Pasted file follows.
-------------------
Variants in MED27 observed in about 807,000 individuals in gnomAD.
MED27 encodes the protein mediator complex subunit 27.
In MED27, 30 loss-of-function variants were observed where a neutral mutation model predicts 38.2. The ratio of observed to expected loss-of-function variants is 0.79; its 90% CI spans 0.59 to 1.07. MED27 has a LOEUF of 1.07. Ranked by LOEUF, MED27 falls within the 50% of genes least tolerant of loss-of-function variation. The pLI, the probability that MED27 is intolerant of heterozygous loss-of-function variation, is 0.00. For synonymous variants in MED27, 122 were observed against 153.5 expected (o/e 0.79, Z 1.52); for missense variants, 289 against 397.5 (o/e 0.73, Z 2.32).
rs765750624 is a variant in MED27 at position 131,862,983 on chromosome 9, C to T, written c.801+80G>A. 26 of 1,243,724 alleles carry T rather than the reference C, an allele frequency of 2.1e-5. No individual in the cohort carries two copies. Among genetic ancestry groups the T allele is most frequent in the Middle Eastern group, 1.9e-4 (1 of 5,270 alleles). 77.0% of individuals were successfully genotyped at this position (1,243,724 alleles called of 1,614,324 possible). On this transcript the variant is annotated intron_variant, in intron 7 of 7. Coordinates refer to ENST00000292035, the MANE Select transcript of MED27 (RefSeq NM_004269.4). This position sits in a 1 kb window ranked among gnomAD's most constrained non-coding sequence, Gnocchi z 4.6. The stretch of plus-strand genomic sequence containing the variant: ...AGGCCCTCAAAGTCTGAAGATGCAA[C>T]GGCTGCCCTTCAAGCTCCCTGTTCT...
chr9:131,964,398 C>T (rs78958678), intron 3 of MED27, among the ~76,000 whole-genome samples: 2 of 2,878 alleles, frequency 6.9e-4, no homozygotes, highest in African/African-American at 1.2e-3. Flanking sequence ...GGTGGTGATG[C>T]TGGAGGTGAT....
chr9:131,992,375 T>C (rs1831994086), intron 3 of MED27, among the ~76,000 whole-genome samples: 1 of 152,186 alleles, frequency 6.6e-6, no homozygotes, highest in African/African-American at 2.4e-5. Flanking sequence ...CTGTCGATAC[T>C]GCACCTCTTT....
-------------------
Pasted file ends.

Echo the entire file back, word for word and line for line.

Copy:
Variants in MED27 observed in about 807,000 individuals in gnomAD.
MED27 encodes the protein mediator complex subunit 27.
In MED27, 30 loss-of-function variants were observed where a neutral mutation model predicts 38.2. The ratio of observed to expected loss-of-function variants is 0.79; its 90% CI spans 0.59 to 1.07. MED27 has a LOEUF of 1.07. Ranked by LOEUF, MED27 falls within the 50% of genes least tolerant of loss-of-function variation. The pLI, the probability that MED27 is intolerant of heterozygous loss-of-function variation, is 0.00. For synonymous variants in MED27, 122 were observed against 153.5 expected (o/e 0.79, Z 1.52); for missense variants, 289 against 397.5 (o/e 0.73, Z 2.32).
rs765750624 is a variant in MED27 at position 131,862,983 on chromosome 9, C to T, written c.801+80G>A. 26 of 1,243,724 alleles carry T rather than the reference C, an allele frequency of 2.1e-5. No individual in the cohort carries two copies. Among genetic ancestry groups the T allele is most frequent in the Middle Eastern group, 1.9e-4 (1 of 5,270 alleles). 77.0% of individuals were successfully genotyped at this position (1,243,724 alleles called of 1,614,324 possible). On this transcript the variant is annotated intron_variant, in intron 7 of 7. Coordinates refer to ENST00000292035, the MANE Select transcript of MED27 (RefSeq NM_004269.4). This position sits in a 1 kb window ranked among gnomAD's most constrained non-coding sequence, Gnocchi z 4.6. The stretch of plus-strand genomic sequence containing the variant: ...AGGCCCTCAAAGTCTGAAGATGCAA[C>T]GGCTGCCCTTCAAGCTCCCTGTTCT...
chr9:131,964,398 C>T (rs78958678), intron 3 of MED27, among the ~76,000 whole-genome samples: 2 of 2,878 alleles, frequency 6.9e-4, no homozygotes, highest in African/African-American at 1.2e-3. Flanking sequence ...GGTGGTGATG[C>T]TGGAGGTGAT....
chr9:131,992,375 T>C (rs1831994086), intron 3 of MED27, among the ~76,000 whole-genome samples: 1 of 152,186 alleles, frequency 6.6e-6, no homozygotes, highest in African/African-American at 2.4e-5. Flanking sequence ...CTGTCGATAC[T>C]GCACCTCTTT....